In 1989, John Hughes’ film “Uncle Buck”, starring the late John Candy, shot to box office fame after it’s release. The film centered on Buck Russell who was asked to take care of his nieces and nephews. Still considered a classic Hughes film, “Uncle Buck” is still bringing in numbers with DVD sales. Since it’s release it’s made over $80,000,000.
Tag Archives: Lawyer
A woman has sued a barbecue brush manufacturer after she swallowed a broken brush bristle while eating a hamburger, landing her in the hospital.
Deborah Lamont of Presque Isle, Maine, is suing Precision Brush Co. and M2M LLC, alleging negligence, strict liability, and breach of warranty.
What led up to this case, and what will Lamont need to prove in order to win?
Episode Recap (Spoiler Alert!):
While Alicia is chasing campaign money from a lecherous homophobe and Kalinda is shepherding Lemond Bishop’s son home from school, Diane and Cary are prosecuting Sweeney’s defamation lawsuit. Sweeney sued the makers of the TV show “Call It Murder” for an episode depicting Sweeney’s alleged murder of his wife.
Unhappy with Diane and Cary’s efforts, Sweeney unsuccessfully attempts to rope Alicia into the courtroom, although she does provide guidance that forces “Call It Murder” to settle the case.
1. The Case.
Last November, the American Civil Liberties Union of Nebraska sued the state on behalf of seven same-sex couples. They were challenging an amendment to the Nebraska constitution that defined marriage as only between one man and one woman, and did not recognize civil unions and domestic partnerships.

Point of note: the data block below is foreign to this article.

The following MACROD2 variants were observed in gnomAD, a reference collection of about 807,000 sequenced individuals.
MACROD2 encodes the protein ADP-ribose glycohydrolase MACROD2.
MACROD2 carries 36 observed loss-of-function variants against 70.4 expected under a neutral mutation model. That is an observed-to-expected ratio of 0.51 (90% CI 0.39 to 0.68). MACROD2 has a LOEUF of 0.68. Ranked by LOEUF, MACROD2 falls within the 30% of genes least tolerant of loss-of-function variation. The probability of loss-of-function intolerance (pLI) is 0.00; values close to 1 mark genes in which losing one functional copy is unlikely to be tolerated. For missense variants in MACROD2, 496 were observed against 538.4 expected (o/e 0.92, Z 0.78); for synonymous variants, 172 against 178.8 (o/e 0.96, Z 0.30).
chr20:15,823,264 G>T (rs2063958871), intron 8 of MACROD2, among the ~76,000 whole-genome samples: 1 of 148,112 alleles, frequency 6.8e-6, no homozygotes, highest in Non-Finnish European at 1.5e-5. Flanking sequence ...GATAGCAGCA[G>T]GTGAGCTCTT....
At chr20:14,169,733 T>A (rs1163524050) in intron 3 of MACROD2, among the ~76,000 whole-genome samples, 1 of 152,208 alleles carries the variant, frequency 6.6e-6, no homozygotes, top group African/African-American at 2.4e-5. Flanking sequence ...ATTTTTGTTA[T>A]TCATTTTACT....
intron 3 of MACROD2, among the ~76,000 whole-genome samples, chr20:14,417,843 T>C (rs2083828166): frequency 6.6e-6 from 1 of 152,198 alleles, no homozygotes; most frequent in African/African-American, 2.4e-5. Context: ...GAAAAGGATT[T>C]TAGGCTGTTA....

The state argued that the ban, adopted in 2000 with 70 percent voter approval, reflects the will of the voters to protect family stability. Bataillon rejected this argument.
2. The Struggles of the Plaintiffs.
Susan and Sally Walters are one of the couples represented by the ACLU. They were legally married in California in 2008, and moved back to Nebraska in 2010. Sally was diagnosed with terminal breast cancer in 2013. She fears that, if she passes away, Susan will not be able to receive the same tax and Social Security benefits that other married
Following testimony from a Motown executive and a piano medley by Robin Thicke during the previous week’s proceedings, Thicke, Pharrell Williams and T.I. will return to Los Angeles federal court on Tuesday to fight claims they copied their multiplatinum song from Gaye’s 1977 hit “Got To Give It Up.”
In 2013, the musicians preemptively sued for a declaration they didn’t steal the late soul legend’s song. The singer’s children Frankie and Nona Gaye responded with counterclaims the musicians infringed “Got To Give It Up” — and that Thicke and ex-wife Paula Patton copied a second Gaye song, “After The Dance,” in co-writing Thicke’s 2011 track “Love After War.”
As the Blurred Lines trial resumed, jurors got an inside peek at the financial success of the song credited to Robin Thicke, Pharrell Williams and T.I.
How Similar Is ‘Blurred Lines’ To A 1977 Marvin Gaye Hit?
Both sides agree with an accounting statement that attributes $16,675,690 in profits for “Blurred Lines,” which was the biggest hit of 2013. According to testimony, $5,658,214 went to Thicke, $5,153,457 was given to Williams and $704,774 came to T.I. The record companies (Interscope, UMG Distribution and Star Trak) took home the rest, with an executive at Universal
Time for some American history: Between 1846 to 1848, the United States of America and Central Republic of Mexico were engaged in armed conflict over territory. The war came to end upon ratification of the Treaty of Guadalupe Hidalgo, whereby the Americans paid millions for land in the Southwest including a large portion of New Mexico.
Many years later, Peter Berg‘s Lone Survivor needed a place to shoot the story of a Navy SEALS team ambushed in the mountains of Afghanistan. They settled on a spot in New Mexico after reaching agreement with the Chilili Land Grant, run by Juan Sanchez.
After the filming was done,